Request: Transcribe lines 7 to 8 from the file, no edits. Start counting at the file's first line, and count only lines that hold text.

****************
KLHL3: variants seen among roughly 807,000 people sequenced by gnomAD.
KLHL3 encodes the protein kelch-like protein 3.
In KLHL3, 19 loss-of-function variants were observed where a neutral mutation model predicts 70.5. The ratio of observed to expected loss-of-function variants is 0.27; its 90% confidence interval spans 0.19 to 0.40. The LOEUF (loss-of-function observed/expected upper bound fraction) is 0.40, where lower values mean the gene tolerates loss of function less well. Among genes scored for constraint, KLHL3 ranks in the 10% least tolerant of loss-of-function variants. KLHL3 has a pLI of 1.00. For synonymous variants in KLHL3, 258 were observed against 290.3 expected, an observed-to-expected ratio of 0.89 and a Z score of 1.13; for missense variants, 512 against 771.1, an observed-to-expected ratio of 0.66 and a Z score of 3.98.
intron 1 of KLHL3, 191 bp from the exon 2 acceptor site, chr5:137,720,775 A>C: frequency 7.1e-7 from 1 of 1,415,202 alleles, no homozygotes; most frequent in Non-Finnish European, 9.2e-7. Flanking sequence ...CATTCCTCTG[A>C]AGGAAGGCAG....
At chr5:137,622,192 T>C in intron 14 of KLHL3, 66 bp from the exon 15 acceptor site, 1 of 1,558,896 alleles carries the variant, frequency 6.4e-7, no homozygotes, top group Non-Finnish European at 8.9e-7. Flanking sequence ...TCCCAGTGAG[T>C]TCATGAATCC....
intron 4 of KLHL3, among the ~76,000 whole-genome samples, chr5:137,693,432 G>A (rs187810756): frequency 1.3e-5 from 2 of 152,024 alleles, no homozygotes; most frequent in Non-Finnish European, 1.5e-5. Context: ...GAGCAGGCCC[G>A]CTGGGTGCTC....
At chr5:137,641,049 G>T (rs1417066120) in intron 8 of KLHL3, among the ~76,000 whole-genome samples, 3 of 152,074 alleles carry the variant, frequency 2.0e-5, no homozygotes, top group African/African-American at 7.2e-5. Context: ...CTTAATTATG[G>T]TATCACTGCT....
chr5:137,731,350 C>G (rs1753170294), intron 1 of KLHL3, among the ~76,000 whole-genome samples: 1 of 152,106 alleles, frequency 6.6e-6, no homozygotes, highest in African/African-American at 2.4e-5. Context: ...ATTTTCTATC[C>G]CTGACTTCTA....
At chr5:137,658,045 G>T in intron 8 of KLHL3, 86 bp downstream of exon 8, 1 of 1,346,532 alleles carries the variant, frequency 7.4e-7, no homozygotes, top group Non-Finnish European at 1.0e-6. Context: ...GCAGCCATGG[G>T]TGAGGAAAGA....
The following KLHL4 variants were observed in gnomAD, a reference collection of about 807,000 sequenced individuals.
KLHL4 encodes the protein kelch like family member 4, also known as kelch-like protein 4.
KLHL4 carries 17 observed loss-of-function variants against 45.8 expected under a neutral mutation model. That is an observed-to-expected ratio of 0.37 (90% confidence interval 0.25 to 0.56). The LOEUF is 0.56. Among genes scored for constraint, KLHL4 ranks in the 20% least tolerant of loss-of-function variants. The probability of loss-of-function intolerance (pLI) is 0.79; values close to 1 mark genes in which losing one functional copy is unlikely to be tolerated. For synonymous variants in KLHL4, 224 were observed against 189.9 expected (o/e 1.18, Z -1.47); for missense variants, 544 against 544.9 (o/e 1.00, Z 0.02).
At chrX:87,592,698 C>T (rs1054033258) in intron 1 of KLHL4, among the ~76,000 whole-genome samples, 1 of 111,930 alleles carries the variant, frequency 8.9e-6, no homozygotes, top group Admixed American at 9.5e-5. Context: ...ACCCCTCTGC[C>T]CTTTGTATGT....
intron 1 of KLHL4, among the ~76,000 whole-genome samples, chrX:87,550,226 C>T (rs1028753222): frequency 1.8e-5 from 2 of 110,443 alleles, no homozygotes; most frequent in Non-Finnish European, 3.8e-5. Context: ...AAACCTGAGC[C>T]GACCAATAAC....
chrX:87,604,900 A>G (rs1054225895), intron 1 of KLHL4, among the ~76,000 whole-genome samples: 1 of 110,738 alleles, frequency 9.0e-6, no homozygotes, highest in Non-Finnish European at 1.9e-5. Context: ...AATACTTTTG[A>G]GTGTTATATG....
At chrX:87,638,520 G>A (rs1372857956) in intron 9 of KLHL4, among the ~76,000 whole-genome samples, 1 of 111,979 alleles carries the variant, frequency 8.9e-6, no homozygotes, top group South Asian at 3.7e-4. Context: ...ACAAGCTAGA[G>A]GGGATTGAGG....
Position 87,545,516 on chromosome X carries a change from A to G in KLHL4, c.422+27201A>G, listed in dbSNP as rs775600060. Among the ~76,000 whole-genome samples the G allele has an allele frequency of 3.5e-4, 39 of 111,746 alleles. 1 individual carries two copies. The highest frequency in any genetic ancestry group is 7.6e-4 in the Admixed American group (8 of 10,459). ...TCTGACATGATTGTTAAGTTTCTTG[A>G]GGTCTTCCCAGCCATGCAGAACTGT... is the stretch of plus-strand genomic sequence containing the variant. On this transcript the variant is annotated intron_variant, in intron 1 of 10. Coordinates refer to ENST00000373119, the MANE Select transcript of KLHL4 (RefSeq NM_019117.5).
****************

At chr5:137,641,049 G>T (rs1417066120) in intron 8 of KLHL3, among the ~76,000 whole-genome samples, 3 of 152,074 alleles carry the variant, frequency 2.0e-5, no homozygotes, top group African/African-American at 7.2e-5. Context: ...CTTAATTATG[G>T]TATCACTGCT....
chr5:137,731,350 C>G (rs1753170294), intron 1 of KLHL3, among the ~76,000 whole-genome samples: 1 of 152,106 alleles, frequency 6.6e-6, no homozygotes, highest in African/African-American at 2.4e-5. Context: ...ATTTTCTATC[C>G]CTGACTTCTA....